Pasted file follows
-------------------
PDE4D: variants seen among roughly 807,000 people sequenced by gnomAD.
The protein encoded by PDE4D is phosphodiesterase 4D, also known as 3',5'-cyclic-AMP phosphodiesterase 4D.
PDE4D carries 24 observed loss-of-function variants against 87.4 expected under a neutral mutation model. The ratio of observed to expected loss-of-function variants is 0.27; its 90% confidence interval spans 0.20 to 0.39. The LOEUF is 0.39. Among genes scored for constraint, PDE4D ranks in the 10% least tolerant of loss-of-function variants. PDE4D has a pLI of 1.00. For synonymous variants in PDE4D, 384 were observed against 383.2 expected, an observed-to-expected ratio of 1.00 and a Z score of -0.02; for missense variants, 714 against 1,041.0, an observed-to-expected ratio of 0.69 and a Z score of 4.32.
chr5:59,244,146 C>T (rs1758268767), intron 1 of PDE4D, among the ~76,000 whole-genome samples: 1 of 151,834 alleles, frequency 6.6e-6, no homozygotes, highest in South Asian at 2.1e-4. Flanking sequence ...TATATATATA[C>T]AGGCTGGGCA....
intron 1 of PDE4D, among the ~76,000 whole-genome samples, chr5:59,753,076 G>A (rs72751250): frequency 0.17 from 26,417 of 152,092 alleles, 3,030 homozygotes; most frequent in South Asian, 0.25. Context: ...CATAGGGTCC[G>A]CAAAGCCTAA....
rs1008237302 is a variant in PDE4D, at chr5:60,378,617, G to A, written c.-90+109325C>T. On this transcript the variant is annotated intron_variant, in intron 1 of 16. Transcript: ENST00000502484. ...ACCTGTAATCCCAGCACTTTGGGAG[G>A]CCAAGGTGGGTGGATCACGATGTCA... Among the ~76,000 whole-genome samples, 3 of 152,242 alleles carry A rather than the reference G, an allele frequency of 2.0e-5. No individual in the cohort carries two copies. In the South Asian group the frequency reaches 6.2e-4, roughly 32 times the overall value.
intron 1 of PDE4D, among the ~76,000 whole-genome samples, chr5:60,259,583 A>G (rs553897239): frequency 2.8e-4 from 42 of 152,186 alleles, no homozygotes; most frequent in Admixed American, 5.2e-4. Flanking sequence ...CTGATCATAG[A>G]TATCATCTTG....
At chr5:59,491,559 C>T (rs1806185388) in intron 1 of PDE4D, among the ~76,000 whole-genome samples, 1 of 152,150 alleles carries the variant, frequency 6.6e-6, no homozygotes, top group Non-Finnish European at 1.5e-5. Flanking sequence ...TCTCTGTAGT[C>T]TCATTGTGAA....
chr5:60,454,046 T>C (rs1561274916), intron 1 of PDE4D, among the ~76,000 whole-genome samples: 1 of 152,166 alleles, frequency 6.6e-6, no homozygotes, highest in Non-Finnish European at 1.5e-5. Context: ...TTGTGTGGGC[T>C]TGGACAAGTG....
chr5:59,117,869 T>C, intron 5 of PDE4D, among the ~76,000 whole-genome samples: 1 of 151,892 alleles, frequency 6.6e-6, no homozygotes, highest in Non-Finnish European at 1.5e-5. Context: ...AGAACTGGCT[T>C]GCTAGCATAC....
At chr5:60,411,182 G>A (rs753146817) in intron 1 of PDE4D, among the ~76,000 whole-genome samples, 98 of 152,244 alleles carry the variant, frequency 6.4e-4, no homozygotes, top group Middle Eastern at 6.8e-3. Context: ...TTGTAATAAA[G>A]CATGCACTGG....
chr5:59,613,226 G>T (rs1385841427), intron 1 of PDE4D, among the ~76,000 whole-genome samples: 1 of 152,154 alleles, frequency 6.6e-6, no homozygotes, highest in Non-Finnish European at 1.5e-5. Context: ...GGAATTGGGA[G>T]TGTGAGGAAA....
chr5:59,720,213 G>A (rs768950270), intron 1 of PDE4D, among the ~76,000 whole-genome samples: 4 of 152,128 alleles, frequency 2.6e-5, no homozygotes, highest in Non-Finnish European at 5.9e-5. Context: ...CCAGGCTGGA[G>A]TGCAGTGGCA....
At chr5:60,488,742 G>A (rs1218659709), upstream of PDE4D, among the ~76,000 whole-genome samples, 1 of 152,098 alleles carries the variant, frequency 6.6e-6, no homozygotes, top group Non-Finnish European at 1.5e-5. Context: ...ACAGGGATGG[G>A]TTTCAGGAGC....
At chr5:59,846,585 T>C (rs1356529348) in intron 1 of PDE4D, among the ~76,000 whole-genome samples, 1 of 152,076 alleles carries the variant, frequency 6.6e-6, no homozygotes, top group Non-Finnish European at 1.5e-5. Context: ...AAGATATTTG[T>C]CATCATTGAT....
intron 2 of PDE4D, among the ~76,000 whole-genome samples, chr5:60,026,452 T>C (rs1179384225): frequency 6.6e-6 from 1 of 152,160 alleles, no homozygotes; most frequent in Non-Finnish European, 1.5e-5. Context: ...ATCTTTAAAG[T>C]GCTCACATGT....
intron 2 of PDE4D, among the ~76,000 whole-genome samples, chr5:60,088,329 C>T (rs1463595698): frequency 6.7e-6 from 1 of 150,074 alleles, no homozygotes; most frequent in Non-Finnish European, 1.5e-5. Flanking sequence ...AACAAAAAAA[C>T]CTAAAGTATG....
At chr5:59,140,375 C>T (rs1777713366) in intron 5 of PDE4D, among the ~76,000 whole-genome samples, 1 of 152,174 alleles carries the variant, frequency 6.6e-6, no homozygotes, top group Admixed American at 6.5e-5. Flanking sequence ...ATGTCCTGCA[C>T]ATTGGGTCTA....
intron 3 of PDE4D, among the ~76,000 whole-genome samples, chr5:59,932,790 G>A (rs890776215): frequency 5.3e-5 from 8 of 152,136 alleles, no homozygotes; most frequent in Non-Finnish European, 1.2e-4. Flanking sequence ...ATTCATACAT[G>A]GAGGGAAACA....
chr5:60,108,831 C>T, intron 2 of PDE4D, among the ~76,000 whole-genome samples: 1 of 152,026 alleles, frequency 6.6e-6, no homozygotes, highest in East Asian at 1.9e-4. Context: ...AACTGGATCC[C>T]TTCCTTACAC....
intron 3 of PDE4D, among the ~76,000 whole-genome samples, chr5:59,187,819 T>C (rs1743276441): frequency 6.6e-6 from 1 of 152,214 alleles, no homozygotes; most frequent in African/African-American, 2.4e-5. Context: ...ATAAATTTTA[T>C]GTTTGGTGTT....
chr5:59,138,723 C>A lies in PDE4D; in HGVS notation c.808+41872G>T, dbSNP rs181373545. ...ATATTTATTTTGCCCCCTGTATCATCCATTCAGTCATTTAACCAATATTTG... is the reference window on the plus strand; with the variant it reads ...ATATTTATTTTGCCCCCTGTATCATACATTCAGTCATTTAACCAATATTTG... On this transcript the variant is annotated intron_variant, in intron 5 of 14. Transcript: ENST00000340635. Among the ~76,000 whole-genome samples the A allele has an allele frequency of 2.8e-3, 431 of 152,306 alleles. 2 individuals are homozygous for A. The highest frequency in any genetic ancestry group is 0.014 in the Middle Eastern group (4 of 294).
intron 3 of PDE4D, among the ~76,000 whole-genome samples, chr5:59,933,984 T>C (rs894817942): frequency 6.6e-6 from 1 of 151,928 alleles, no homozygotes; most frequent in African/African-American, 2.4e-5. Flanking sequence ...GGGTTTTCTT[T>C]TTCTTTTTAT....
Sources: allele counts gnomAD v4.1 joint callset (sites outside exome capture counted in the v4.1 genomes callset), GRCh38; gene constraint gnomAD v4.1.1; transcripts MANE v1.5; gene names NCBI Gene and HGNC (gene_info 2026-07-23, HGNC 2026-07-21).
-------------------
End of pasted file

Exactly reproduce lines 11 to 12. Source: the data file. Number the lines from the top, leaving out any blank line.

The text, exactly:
At chr5:60,411,182 G>A (rs753146817) in intron 1 of PDE4D, among the ~76,000 whole-genome samples, 98 of 152,244 alleles carry the variant, frequency 6.4e-4, no homozygotes, top group Middle Eastern at 6.8e-3. Context: ...TTGTAATAAA[G>A]CATGCACTGG....
chr5:59,613,226 G>T (rs1385841427), intron 1 of PDE4D, among the ~76,000 whole-genome samples: 1 of 152,154 alleles, frequency 6.6e-6, no homozygotes, highest in Non-Finnish European at 1.5e-5. Context: ...GGAATTGGGA[G>T]TGTGAGGAAA....